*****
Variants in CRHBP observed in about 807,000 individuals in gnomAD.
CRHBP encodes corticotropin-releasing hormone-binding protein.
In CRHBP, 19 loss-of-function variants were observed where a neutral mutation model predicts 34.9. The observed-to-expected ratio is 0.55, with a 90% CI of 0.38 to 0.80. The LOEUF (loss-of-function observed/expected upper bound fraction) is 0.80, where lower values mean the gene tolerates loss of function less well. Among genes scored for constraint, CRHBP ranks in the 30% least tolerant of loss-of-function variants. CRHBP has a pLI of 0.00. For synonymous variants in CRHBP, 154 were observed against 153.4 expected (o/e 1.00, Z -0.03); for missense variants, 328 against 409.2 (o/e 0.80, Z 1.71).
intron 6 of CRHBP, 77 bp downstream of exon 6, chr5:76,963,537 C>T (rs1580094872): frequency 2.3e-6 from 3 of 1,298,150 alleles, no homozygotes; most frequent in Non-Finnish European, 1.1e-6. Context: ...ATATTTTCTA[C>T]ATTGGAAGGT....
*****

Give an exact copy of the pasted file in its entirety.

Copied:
Variants in CRHBP observed in about 807,000 individuals in gnomAD.
CRHBP encodes corticotropin-releasing hormone-binding protein.
In CRHBP, 19 loss-of-function variants were observed where a neutral mutation model predicts 34.9. The observed-to-expected ratio is 0.55, with a 90% CI of 0.38 to 0.80. The LOEUF (loss-of-function observed/expected upper bound fraction) is 0.80, where lower values mean the gene tolerates loss of function less well. Among genes scored for constraint, CRHBP ranks in the 30% least tolerant of loss-of-function variants. CRHBP has a pLI of 0.00. For synonymous variants in CRHBP, 154 were observed against 153.4 expected (o/e 1.00, Z -0.03); for missense variants, 328 against 409.2 (o/e 0.80, Z 1.71).
intron 6 of CRHBP, 77 bp downstream of exon 6, chr5:76,963,537 C>T (rs1580094872): frequency 2.3e-6 from 3 of 1,298,150 alleles, no homozygotes; most frequent in Non-Finnish European, 1.1e-6. Context: ...ATATTTTCTA[C>T]ATTGGAAGGT....